Jun 7

Reprisals before Labour Board, Toronto Employment Lawyer


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Employers cannot terminate an employee because they have attempted to exercise a right under the Occupational Health and Safety Act as is also the case under the Employment Standards Act and the Human Rights Code. If an employer does this, it amounts to a reprisal for which a Court, Board or Tribunal can award compensatory damages.

In Knapp v Greenbank Custom Woodworking Ltd, 2018 CanlII 107787 (OLRB), the Applicant, David Knapp was terminated from Greenbank after he complained about certain health and safety issues at the workplace. Knapp worked as a welder. He complained that the facility where he worked lacked ventilation, guards for saws and sufficient space to weld, among other things.

Mr. Knapp also brought the safety complaints directly to the Ministry of Labour. The Ministry investigated the workplace and found Mr. Knapp’s complaints were justified. In this regard, it made various orders to correct the safety concerns.  One day after he made the complaint to Greenbank, it terminated his employment.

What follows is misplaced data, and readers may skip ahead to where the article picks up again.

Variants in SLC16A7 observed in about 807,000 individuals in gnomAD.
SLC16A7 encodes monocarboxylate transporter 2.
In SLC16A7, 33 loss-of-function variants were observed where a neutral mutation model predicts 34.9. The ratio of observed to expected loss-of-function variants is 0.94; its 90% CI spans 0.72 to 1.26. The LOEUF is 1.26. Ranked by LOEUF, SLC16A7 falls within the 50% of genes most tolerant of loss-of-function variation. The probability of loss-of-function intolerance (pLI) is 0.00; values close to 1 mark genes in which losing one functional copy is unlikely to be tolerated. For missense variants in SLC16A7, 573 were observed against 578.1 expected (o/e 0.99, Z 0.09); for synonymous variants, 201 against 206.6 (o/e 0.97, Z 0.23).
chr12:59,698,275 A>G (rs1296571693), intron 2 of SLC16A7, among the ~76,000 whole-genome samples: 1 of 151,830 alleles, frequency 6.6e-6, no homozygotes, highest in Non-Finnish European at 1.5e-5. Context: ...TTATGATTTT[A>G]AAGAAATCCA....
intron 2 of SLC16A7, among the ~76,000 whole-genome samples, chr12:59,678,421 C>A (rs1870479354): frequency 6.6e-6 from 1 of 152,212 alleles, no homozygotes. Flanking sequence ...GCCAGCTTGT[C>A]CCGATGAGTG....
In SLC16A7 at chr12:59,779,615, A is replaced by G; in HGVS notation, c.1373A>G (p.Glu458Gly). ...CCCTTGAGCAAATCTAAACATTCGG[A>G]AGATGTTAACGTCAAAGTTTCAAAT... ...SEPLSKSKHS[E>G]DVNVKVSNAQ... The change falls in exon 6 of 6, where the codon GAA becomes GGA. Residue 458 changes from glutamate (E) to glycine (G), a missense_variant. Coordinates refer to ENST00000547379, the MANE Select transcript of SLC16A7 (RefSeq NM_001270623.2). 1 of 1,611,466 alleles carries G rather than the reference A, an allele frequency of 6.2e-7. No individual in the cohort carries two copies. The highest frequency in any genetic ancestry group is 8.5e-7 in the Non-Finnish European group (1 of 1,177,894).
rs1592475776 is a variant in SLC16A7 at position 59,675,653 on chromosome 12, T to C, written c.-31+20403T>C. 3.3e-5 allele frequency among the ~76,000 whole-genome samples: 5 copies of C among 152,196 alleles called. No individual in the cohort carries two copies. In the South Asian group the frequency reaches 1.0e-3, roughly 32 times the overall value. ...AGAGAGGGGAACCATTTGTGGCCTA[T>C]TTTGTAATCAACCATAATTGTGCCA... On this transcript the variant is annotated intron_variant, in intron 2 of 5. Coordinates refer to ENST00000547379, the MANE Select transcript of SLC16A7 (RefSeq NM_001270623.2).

After his termination, Mr. Knapp brought a complaint to the Ministry of Labour pursuant to s. 50 of the Occupation Health and Safety Act. He alleged that he was terminated on account of his safety complaints, and that the termination was a reprisal. The Ministry of Labour agreed with Mr. Knapp and awarded him $25,000.00 for backpay, being wages from the date of his dismissal until the hearing. It also awarded him punitive damages due to Greenbank’s conduct.

The case demonstrates the various legislative protections that are given to employees when they attempt to assert a right under various employment related legislation. It also shows how costly a complaint can be for employers if they reprise against their workers, particularly when the employee seeks backpay and reinstatement.

If you are an employee who has been disciplined or terminated after bringing up issues related to health and safety, human rights or employment standards issues to your employer, it is important to contact a lawyer to understand your rights.

To arrange your free confidential 30 minute phone consultation make sure to contact us today.